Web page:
How do you feel if I say the words “energy performance certificate”? What about “London landlord accreditation scheme”? Is your pulse racing? I didn’t think so.

The dry and cumbersome language of the private rented housing sector is not exactly the stuff of captivating media headlines. For those of us trying to shout from the rooftops about how bad things are for private tenants right now, this can present a problem.

One organisation that has succeeded in capturing widespread attention is Shelter, with its simple and popular ‘evict rogue landlords’ campaign. The housing charity is encouraging residents to report dodgy landlords to their local authorities, who can take legal action if they are found to be operating outside the law.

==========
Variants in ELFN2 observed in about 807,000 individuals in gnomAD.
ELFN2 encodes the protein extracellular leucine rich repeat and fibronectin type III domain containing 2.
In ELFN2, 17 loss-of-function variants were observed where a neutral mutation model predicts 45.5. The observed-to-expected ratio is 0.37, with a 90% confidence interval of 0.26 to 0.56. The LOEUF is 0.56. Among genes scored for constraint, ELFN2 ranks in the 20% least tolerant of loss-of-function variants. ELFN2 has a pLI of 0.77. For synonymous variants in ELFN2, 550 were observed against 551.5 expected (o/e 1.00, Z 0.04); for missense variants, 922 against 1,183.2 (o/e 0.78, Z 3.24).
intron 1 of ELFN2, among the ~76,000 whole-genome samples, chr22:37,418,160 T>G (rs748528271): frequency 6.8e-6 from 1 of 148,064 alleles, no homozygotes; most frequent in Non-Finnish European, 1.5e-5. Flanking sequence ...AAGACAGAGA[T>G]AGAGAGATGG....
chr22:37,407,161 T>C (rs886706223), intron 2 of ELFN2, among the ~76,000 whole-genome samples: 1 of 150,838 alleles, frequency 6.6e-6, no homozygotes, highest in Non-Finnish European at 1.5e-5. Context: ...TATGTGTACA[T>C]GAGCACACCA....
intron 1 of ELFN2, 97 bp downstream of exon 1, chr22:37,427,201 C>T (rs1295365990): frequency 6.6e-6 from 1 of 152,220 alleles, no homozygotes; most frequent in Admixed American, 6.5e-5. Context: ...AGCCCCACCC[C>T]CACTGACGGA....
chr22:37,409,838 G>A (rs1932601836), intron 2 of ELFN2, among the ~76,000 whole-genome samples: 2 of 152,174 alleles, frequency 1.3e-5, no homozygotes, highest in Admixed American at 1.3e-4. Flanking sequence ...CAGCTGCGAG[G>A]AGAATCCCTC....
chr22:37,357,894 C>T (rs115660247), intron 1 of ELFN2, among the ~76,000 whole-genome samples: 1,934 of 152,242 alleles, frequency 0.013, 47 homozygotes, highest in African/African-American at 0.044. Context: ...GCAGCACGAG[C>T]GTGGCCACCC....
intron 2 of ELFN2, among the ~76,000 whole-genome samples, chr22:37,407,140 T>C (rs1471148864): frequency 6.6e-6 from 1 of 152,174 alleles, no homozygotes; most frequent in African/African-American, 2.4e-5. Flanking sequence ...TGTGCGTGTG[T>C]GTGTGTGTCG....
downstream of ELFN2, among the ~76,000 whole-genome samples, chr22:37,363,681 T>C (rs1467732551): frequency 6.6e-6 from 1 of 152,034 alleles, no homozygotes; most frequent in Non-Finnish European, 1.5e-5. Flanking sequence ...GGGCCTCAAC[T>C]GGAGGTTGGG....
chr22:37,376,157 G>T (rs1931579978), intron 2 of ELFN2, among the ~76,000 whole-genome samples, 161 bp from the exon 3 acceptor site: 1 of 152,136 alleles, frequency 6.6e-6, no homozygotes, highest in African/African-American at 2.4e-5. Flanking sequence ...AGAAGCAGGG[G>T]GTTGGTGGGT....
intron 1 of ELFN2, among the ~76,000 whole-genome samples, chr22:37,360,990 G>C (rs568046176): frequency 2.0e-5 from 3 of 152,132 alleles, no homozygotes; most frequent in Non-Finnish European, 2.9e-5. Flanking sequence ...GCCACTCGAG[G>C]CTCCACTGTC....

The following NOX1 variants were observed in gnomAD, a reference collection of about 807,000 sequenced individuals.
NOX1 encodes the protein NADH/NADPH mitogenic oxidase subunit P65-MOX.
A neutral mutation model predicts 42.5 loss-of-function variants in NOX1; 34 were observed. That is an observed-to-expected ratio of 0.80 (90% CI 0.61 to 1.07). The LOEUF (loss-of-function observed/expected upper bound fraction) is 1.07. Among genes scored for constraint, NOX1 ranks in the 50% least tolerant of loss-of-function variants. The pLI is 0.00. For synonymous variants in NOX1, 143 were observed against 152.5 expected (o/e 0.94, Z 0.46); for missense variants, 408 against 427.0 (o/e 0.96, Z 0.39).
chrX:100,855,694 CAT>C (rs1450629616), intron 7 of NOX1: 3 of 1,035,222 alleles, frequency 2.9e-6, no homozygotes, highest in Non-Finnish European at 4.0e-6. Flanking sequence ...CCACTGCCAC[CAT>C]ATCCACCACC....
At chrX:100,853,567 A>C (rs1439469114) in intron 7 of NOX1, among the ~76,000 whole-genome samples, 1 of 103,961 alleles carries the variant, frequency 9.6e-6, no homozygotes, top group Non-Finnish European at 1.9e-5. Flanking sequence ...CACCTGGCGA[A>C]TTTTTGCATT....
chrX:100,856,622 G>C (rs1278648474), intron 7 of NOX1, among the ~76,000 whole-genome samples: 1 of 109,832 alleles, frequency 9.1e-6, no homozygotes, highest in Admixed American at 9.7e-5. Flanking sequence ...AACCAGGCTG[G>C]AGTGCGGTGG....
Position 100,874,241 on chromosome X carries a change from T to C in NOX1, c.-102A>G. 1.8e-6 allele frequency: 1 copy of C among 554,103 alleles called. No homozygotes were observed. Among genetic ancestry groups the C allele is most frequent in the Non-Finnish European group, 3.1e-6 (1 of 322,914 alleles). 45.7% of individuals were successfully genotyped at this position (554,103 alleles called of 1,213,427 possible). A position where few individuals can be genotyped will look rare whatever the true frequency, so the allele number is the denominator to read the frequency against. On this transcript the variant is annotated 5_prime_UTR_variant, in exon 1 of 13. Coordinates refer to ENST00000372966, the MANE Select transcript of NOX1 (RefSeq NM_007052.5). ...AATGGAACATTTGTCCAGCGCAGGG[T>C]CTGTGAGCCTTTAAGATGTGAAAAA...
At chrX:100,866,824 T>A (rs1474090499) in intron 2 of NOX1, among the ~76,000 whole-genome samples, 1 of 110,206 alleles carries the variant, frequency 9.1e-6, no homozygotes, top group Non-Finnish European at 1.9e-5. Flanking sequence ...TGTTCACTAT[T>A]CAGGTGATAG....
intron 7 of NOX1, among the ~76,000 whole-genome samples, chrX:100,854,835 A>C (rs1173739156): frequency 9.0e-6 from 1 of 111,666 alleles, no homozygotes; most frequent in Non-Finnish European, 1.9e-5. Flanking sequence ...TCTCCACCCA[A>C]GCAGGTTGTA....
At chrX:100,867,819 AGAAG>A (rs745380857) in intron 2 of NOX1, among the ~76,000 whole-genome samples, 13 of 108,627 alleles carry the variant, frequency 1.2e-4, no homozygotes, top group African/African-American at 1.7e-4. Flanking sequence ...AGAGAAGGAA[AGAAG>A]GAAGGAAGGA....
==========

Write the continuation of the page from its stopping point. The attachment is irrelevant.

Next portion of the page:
The message has gained traction. Across the public debate on welfare and housing, the concept of the “rogue landlord” has caught on fast. It is central to our understanding of what is wrong with the private rented sector.

So if talk of ‘rogue landlords’ has helped to make the difficulties of life as a private tenant mainstream news, what’s the issue?

The problem is that Shelter’s concept seduces us into believing the deep-rooted problems in the private rented sector can be eradicated by punishing a small, malignant minority when in fact large-scale policy overhaul is now urgently needed.

There are plenty of fully legal landlords happy to bully their tenants, impose huge rent increases and end contracts on a whim.

Some renters and their landlords have come to consider this acceptable behaviour, so a rogue is always someone else: someone a friend of a friend told you about, or that one you saw on the telly. Never the landlord you have – or the one you are.